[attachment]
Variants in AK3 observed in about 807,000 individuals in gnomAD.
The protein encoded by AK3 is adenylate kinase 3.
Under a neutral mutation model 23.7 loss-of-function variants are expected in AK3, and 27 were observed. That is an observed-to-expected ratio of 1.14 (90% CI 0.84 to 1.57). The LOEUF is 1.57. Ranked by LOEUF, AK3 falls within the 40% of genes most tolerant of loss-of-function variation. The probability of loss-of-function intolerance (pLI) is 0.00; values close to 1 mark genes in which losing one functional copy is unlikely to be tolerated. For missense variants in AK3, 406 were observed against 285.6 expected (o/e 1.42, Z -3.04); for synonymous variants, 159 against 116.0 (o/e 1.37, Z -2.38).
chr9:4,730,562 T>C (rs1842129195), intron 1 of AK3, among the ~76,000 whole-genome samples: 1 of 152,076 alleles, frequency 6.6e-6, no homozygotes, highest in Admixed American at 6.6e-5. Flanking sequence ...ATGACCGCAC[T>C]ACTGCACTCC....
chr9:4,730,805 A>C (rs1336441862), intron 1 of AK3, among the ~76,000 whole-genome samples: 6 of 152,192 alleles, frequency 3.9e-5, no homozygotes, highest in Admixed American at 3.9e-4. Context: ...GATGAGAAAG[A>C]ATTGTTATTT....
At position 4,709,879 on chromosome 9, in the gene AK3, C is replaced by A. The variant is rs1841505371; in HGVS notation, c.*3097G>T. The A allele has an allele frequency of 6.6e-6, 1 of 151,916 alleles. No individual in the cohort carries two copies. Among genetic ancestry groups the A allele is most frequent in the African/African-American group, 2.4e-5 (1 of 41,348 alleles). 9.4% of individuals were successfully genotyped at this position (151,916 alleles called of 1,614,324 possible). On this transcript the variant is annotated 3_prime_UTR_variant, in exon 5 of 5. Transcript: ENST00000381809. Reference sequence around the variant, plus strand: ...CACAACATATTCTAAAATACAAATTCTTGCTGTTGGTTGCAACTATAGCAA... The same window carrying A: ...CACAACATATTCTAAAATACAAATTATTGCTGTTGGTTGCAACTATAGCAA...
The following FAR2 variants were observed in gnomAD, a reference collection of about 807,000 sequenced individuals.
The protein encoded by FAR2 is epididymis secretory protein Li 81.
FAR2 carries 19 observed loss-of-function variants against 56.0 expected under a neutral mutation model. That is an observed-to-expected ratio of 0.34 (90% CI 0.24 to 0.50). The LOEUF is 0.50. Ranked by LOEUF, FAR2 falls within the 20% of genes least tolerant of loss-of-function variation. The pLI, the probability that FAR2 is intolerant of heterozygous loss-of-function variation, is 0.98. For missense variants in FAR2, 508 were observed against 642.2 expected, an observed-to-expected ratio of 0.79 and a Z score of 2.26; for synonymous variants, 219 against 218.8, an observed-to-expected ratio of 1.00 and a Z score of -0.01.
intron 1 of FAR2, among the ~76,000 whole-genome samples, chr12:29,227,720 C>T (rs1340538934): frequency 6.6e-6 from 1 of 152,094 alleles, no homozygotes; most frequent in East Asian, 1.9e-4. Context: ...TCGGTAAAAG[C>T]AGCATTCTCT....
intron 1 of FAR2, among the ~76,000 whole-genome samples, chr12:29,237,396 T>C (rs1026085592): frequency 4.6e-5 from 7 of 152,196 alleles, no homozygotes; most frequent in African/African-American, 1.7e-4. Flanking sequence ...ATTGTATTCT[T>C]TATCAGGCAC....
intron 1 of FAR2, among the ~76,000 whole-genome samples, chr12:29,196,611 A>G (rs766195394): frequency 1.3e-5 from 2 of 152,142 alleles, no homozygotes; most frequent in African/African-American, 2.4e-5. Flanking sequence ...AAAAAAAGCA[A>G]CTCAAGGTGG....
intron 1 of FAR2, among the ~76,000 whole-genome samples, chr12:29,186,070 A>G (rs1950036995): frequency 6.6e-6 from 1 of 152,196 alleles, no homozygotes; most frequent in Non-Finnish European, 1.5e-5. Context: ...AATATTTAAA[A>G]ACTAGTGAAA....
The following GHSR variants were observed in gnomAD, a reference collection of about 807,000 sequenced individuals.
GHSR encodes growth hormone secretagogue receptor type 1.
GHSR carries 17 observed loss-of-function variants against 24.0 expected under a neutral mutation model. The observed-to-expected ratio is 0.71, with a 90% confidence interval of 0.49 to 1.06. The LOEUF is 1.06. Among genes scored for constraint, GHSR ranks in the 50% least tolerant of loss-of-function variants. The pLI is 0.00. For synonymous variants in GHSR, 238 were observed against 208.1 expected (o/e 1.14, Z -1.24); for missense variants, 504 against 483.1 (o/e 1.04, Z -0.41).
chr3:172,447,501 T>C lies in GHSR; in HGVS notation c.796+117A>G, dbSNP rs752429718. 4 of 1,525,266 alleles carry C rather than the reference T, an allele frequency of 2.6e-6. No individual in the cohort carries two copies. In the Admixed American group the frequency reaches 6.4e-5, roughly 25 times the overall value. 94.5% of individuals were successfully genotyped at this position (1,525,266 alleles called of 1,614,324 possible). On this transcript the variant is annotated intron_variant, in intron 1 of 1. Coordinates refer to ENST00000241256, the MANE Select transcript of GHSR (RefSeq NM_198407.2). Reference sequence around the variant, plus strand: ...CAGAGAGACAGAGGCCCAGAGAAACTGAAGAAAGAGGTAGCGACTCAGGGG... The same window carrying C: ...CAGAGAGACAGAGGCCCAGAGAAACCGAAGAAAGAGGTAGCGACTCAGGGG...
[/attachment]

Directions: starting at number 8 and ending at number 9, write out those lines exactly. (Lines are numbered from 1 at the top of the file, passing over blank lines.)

The protein encoded by FAR2 is epididymis secretory protein Li 81.
FAR2 carries 19 observed loss-of-function variants against 56.0 expected under a neutral mutation model. That is an observed-to-expected ratio of 0.34 (90% CI 0.24 to 0.50). The LOEUF is 0.50. Ranked by LOEUF, FAR2 falls within the 20% of genes least tolerant of loss-of-function variation. The pLI, the probability that FAR2 is intolerant of heterozygous loss-of-function variation, is 0.98. For missense variants in FAR2, 508 were observed against 642.2 expected, an observed-to-expected ratio of 0.79 and a Z score of 2.26; for synonymous variants, 219 against 218.8, an observed-to-expected ratio of 1.00 and a Z score of -0.01.